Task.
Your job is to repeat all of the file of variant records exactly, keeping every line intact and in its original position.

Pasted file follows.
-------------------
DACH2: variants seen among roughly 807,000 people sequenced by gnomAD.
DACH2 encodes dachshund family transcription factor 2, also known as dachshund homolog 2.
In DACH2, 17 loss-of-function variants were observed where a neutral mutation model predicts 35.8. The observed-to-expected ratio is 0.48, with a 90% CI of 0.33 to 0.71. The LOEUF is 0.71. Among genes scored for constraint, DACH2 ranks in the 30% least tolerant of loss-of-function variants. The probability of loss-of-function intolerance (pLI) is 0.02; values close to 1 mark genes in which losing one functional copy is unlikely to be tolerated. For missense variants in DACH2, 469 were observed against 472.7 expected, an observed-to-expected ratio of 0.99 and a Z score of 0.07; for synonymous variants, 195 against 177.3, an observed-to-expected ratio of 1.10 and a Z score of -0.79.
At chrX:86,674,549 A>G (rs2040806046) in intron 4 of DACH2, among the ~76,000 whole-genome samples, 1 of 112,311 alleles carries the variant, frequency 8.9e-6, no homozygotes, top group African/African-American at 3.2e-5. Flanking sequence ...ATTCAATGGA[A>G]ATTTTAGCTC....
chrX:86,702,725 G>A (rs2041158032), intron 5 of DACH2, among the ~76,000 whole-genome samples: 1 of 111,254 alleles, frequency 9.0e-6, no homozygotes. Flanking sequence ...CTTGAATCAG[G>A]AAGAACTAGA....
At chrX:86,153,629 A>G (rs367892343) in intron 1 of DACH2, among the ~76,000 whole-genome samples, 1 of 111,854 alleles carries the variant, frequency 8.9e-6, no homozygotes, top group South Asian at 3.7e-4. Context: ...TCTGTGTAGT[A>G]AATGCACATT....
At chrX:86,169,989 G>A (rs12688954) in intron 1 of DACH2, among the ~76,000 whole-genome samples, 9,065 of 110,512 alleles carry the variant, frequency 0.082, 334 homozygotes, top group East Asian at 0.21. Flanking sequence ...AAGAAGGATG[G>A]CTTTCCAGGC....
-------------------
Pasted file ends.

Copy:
DACH2: variants seen among roughly 807,000 people sequenced by gnomAD.
DACH2 encodes dachshund family transcription factor 2, also known as dachshund homolog 2.
In DACH2, 17 loss-of-function variants were observed where a neutral mutation model predicts 35.8. The observed-to-expected ratio is 0.48, with a 90% CI of 0.33 to 0.71. The LOEUF is 0.71. Among genes scored for constraint, DACH2 ranks in the 30% least tolerant of loss-of-function variants. The probability of loss-of-function intolerance (pLI) is 0.02; values close to 1 mark genes in which losing one functional copy is unlikely to be tolerated. For missense variants in DACH2, 469 were observed against 472.7 expected, an observed-to-expected ratio of 0.99 and a Z score of 0.07; for synonymous variants, 195 against 177.3, an observed-to-expected ratio of 1.10 and a Z score of -0.79.
At chrX:86,674,549 A>G (rs2040806046) in intron 4 of DACH2, among the ~76,000 whole-genome samples, 1 of 112,311 alleles carries the variant, frequency 8.9e-6, no homozygotes, top group African/African-American at 3.2e-5. Flanking sequence ...ATTCAATGGA[A>G]ATTTTAGCTC....
chrX:86,702,725 G>A (rs2041158032), intron 5 of DACH2, among the ~76,000 whole-genome samples: 1 of 111,254 alleles, frequency 9.0e-6, no homozygotes. Flanking sequence ...CTTGAATCAG[G>A]AAGAACTAGA....
At chrX:86,153,629 A>G (rs367892343) in intron 1 of DACH2, among the ~76,000 whole-genome samples, 1 of 111,854 alleles carries the variant, frequency 8.9e-6, no homozygotes, top group South Asian at 3.7e-4. Context: ...TCTGTGTAGT[A>G]AATGCACATT....
At chrX:86,169,989 G>A (rs12688954) in intron 1 of DACH2, among the ~76,000 whole-genome samples, 9,065 of 110,512 alleles carry the variant, frequency 0.082, 334 homozygotes, top group East Asian at 0.21. Flanking sequence ...AAGAAGGATG[G>A]CTTTCCAGGC....